Helping to connect everyone

Do you have difficulty hearing, seeing or pressing tiny buttons?

None of these should stop you from using a mobile or getting online.

Here are some ways to make life easier.

Helping you see

There are lots of phones to choose from. But which ones are best if your vision isn't 100%?

  • We've got phones with bigger buttons and larger screens, and we can show you how to change the text size and background to suit you
  • Many modern phones have voice dialling, so you can call a number just by saying a couple of words
  • The Extra Help section below might also be useful: it provides information on free directory enquiries, bills and contacting us

Choosing the right phone

We asked people with visual impairments to try some of our phones and tell us which are best if you find it difficult to see. They told us the iPhone is especially good because the text is automatically white on black (a good combination) and you can make the words bigger. The iPhone also has voice commands enabling you take charge of your phone by talking to it. You can even get it to read out the text that's on the screen. However the iPhone is controlled by a touchscreen, there are no buttons, so make sure it works for you before you buy.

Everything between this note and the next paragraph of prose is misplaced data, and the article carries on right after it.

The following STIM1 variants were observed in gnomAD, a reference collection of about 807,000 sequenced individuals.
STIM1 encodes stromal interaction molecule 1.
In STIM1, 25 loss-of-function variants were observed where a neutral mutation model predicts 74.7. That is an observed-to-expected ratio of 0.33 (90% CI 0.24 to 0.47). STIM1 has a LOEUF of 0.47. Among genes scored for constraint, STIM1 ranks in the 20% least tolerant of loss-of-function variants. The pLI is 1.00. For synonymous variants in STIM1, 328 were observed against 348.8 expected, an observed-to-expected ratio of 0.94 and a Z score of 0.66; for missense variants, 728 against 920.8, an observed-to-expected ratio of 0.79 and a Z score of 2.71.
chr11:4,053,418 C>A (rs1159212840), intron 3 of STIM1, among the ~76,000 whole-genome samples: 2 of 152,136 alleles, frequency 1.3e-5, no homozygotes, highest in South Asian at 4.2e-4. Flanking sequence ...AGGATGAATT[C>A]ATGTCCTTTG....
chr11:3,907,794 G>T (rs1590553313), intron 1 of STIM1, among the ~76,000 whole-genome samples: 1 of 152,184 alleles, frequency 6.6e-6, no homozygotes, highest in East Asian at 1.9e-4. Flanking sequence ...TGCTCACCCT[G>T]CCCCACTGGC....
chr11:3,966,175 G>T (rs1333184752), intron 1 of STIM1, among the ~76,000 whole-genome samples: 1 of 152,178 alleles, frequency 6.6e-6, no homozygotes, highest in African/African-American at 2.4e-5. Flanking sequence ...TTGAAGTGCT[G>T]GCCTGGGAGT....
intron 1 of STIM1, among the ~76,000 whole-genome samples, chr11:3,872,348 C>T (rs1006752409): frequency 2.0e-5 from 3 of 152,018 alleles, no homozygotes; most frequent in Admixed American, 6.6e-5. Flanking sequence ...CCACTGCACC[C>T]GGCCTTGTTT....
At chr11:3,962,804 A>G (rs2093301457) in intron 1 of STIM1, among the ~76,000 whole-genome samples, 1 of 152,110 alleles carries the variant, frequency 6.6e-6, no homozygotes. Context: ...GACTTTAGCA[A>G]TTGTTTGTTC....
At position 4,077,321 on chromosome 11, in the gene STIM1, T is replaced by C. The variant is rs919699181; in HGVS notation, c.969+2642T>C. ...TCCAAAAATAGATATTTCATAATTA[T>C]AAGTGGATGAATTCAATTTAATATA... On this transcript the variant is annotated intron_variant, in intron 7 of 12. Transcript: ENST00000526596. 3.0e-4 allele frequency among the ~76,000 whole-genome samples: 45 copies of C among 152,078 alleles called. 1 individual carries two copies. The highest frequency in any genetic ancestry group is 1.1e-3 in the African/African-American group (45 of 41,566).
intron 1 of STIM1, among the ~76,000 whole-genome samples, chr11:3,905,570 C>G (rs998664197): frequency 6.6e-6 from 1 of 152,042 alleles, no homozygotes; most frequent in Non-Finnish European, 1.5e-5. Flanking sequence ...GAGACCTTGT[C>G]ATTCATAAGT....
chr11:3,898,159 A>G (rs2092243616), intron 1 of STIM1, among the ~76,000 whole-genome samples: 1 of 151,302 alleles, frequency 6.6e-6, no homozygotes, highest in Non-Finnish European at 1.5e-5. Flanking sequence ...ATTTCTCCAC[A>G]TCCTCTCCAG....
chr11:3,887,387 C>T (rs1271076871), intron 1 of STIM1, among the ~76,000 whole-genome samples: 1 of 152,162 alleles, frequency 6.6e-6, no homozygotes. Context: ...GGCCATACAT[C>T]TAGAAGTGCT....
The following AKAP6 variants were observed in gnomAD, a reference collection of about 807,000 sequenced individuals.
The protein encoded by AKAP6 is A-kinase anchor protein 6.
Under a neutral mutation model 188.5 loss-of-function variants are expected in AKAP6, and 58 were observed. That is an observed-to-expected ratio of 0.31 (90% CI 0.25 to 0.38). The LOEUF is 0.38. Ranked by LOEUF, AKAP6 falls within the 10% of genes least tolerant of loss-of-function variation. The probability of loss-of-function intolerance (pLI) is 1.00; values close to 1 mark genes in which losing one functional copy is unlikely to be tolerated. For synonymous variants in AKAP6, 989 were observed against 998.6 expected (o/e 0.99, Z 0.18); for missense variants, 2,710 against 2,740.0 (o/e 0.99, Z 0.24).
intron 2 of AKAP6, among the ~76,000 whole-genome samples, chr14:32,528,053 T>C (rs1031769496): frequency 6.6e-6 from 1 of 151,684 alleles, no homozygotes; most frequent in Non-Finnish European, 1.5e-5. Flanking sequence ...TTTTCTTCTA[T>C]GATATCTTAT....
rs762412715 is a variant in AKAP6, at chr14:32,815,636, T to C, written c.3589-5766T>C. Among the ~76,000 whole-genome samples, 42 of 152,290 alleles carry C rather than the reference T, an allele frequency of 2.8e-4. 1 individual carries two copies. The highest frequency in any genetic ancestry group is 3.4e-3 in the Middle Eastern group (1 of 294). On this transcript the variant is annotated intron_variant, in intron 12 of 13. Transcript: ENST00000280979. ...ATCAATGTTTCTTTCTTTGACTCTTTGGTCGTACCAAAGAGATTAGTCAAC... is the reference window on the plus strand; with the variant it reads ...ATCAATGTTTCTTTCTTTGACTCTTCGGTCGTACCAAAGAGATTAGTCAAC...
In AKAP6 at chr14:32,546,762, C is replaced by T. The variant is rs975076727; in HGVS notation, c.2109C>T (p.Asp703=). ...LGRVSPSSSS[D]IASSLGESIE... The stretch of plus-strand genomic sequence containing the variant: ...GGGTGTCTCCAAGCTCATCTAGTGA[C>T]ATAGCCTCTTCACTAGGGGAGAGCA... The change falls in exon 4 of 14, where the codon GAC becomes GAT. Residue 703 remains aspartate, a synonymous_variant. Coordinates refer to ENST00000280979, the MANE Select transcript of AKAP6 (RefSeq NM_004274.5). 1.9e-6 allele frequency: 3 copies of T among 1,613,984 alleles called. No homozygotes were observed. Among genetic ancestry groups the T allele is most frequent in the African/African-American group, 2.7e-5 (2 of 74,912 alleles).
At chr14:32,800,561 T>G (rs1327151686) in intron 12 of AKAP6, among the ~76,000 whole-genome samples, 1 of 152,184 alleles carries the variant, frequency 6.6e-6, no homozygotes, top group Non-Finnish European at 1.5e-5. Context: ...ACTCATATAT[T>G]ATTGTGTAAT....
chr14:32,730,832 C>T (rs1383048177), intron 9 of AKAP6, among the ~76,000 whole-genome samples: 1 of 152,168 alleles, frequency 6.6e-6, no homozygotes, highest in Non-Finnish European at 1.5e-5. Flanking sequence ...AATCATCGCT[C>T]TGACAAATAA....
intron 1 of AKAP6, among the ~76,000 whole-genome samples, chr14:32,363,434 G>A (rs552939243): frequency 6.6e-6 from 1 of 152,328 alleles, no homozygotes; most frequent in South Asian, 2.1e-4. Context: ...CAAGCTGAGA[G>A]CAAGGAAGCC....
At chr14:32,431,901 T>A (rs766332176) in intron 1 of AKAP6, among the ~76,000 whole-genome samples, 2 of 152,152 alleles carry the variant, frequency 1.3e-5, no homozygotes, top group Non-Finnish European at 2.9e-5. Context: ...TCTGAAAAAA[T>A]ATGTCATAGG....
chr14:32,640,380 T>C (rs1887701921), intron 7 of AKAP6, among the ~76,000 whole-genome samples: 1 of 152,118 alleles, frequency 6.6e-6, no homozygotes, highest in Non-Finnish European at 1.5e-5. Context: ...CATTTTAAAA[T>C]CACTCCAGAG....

It's also worth looking for a phone with:

  • 'haptic' feedback – this means that when you press a key, the phone vibrates
  • audio feedback – so you can hear instructions
  • a back-lit keypad – in case the light is poor
  • adjustable contrast – to help make text easier to read
  • adjustable font size – in case you want larger letters
  • large, clear, screen display and voice calling – to cut down on how much you have to read